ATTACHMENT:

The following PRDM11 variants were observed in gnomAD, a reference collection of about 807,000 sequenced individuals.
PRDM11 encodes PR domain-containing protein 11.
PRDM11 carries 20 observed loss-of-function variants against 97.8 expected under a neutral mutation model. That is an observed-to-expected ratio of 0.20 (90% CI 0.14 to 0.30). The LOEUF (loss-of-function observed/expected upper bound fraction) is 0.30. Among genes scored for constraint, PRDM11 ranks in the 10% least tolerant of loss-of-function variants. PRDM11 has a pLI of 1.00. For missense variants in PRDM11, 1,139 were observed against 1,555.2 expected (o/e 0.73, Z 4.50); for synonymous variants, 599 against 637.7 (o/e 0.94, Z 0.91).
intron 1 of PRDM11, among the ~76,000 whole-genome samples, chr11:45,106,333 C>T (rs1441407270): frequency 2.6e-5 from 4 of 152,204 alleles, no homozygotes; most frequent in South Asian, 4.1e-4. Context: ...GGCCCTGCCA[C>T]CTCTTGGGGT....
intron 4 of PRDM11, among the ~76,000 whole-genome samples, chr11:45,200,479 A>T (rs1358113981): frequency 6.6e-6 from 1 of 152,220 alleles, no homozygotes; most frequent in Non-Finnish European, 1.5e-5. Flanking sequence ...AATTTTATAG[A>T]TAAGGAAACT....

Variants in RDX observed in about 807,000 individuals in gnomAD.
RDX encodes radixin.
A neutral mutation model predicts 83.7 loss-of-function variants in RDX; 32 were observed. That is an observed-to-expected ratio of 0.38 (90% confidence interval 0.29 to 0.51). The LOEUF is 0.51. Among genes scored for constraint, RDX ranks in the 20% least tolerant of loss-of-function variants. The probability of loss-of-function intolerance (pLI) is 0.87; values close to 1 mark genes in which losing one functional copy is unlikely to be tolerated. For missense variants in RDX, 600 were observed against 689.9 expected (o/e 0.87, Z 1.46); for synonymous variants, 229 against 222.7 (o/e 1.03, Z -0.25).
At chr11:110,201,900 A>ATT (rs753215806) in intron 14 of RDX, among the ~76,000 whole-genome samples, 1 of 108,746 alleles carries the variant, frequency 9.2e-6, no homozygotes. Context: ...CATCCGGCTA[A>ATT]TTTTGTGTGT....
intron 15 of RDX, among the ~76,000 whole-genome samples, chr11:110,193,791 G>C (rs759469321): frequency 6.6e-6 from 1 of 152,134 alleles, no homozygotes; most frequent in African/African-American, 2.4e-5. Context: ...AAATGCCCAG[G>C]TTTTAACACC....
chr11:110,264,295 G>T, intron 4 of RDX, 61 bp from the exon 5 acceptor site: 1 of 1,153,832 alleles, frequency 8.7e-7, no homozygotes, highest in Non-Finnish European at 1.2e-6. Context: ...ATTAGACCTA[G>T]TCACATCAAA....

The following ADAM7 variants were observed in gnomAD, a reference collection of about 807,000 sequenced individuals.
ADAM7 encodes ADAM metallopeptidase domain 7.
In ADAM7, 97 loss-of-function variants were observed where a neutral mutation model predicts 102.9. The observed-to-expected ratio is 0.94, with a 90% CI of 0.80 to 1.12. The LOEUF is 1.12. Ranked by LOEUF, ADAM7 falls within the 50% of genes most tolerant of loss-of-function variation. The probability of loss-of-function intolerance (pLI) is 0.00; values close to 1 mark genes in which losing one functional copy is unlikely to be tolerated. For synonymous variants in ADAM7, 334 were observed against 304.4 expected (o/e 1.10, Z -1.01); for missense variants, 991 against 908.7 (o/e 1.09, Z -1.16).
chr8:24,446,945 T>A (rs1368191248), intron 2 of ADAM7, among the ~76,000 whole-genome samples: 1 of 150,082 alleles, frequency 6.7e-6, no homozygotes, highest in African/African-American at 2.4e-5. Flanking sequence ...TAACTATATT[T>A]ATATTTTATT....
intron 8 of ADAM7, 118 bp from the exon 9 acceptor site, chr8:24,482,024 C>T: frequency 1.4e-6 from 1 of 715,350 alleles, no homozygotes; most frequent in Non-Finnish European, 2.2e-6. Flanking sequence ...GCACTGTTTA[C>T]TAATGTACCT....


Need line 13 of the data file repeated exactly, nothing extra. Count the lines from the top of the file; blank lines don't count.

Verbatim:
ADAM7 encodes ADAM metallopeptidase domain 7.